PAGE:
• Use lift n to ℕ with k hk to also specify the name of the equality ↑k = n. In this case, n will remain in the context. You can use rfl for the name of hk to substitute n away (i.e. the default behavior).
• You can also use lift e to ℕ with k hk where e is any expression of type ℤ. In this case, the hk will always stay in the context, but it will be used to rewrite e in all hypotheses and the target.
• So for example the tactic lift n + 3 to ℕ using hn with k hk transforms the goal n : ℤ, hn : n + 3 ≥ 0, h : P (n + 3) ⊢ n + 3 = 2 * n to the goal n : ℤ, k : ℕ, hk : ↑k = n + 3, h : P ↑k ⊢ ↑k = 2 * n.
• The tactic lift n to ℕ using h will remove h from the context. If you want to keep it, specify it again as the third argument to with, like this: lift n to ℕ using h with n rfl h.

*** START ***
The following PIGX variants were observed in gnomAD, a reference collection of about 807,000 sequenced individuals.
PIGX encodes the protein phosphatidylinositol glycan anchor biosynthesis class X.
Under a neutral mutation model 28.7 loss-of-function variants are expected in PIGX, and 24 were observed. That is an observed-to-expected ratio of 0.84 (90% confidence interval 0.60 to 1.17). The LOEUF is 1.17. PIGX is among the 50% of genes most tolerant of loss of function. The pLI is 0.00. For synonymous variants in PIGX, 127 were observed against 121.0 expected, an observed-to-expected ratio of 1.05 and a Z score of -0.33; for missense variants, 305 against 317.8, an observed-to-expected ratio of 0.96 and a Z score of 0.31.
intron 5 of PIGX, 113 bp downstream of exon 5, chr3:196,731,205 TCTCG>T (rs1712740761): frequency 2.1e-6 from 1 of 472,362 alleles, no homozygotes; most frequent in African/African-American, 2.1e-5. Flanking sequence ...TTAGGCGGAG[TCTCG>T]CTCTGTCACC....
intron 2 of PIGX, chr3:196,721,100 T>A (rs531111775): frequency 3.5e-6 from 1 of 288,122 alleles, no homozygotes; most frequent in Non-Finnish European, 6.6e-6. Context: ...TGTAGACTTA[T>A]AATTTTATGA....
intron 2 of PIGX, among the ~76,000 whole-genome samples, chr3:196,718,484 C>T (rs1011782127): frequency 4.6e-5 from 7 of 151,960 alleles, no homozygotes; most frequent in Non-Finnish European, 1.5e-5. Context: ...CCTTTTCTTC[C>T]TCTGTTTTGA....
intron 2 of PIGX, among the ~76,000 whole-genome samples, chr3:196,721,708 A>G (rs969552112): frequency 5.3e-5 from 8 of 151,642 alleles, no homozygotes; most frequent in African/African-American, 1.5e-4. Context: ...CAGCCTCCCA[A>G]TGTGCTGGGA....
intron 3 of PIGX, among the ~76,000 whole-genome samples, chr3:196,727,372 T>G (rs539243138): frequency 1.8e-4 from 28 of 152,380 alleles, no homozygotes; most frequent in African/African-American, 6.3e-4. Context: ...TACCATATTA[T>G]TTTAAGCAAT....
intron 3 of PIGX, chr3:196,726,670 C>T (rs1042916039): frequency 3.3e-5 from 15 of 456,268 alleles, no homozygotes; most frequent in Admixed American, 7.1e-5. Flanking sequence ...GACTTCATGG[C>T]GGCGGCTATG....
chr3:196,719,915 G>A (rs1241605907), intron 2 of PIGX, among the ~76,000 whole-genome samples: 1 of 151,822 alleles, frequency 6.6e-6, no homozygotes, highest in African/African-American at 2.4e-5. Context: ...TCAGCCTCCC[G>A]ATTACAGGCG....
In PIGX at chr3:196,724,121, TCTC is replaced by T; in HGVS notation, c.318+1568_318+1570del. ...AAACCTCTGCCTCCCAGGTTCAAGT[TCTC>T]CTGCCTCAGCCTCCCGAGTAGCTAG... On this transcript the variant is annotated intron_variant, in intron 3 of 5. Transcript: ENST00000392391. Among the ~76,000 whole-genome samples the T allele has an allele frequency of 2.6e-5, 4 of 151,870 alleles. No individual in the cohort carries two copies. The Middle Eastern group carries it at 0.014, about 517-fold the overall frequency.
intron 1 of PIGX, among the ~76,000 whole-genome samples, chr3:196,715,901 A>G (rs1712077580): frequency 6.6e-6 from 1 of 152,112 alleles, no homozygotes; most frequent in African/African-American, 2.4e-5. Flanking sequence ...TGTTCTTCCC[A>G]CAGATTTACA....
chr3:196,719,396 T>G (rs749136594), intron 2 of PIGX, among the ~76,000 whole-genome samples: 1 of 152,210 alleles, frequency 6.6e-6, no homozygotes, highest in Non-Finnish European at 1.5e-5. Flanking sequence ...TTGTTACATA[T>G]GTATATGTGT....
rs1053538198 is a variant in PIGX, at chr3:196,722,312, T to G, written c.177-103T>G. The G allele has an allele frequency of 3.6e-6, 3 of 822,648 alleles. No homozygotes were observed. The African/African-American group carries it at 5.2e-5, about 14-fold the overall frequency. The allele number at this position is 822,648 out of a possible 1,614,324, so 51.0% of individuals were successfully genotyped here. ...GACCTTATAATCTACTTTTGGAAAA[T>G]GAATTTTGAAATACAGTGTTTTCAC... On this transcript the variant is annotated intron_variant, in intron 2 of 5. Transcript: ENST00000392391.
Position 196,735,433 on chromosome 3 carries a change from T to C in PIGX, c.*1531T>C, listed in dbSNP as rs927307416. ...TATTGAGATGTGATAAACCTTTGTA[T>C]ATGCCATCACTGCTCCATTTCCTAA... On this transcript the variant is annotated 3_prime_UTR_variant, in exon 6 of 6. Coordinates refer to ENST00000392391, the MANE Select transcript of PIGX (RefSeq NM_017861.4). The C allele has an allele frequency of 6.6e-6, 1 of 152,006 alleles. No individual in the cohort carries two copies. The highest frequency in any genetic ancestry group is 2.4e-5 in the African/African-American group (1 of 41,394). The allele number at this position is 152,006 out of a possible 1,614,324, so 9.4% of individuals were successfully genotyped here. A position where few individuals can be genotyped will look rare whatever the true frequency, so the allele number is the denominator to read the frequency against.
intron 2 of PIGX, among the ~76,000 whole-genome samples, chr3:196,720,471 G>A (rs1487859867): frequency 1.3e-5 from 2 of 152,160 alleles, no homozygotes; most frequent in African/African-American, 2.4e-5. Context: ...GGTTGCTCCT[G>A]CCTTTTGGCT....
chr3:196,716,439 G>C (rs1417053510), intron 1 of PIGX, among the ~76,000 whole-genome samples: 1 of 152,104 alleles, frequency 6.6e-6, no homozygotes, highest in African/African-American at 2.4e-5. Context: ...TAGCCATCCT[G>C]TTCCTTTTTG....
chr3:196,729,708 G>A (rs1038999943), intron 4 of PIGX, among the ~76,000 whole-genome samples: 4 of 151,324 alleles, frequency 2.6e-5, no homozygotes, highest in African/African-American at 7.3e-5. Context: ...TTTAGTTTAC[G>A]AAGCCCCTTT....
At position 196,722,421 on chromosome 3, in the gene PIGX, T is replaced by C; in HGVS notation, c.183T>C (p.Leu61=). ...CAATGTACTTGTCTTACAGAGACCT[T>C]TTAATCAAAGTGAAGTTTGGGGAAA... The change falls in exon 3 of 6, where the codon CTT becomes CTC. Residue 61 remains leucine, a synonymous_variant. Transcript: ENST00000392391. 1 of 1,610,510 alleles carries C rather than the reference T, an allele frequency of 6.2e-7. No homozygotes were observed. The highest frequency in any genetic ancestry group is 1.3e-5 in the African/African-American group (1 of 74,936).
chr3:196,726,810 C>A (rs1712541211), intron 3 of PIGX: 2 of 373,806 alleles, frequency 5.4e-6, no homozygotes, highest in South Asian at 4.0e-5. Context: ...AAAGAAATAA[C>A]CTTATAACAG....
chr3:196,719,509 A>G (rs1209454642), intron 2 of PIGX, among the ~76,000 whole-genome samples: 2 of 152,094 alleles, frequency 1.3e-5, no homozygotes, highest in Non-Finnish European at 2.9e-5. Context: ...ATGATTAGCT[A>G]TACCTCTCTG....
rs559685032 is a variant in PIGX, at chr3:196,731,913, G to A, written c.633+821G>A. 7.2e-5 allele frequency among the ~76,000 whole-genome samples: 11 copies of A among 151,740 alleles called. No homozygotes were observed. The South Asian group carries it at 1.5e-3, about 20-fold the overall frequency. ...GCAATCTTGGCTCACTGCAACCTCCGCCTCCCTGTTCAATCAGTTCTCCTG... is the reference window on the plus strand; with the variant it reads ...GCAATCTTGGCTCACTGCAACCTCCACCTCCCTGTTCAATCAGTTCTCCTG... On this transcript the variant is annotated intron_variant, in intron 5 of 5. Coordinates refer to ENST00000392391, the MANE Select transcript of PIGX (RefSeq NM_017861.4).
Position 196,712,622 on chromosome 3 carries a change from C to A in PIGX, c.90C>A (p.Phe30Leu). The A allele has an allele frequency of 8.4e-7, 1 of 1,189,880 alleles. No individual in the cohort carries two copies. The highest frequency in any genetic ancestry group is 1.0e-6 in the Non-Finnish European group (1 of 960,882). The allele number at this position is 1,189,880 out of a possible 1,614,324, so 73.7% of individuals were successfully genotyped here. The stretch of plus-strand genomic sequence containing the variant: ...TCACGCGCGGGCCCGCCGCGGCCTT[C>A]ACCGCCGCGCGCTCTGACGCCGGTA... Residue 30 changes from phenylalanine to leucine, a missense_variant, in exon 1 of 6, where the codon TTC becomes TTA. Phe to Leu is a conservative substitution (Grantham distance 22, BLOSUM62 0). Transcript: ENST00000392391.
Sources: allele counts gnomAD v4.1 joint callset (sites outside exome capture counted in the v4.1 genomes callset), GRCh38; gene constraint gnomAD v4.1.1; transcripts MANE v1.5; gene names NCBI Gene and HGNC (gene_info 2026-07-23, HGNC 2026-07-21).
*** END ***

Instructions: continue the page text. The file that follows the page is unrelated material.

• More generally, this can lift an expression from α to β assuming that there is an instance of can_lift α β. In this case the proof obligation is specified by can_lift.cond.
• Given an instance can_lift β γ, it can also lift α → β to α → γ; more generally, given β : Π a : α, Type*, γ : Π a : α, Type*, and [Π a : α, can_lift (β a) (γ a)], it automatically generates an instance can_lift (Π a, β a) (Π a, γ a).

lift is in some sense dual to the zify tactic. lift (z : ℤ) to ℕ will change the type of an integer z (in the supertype) to ℕ (the subtype), given a proof that z ≥ 0; propositions concerning z will still be over ℤ. zify changes propositions about ℕ (the subtype) to propositions about ℤ (the supertype), without changing the type of any variable.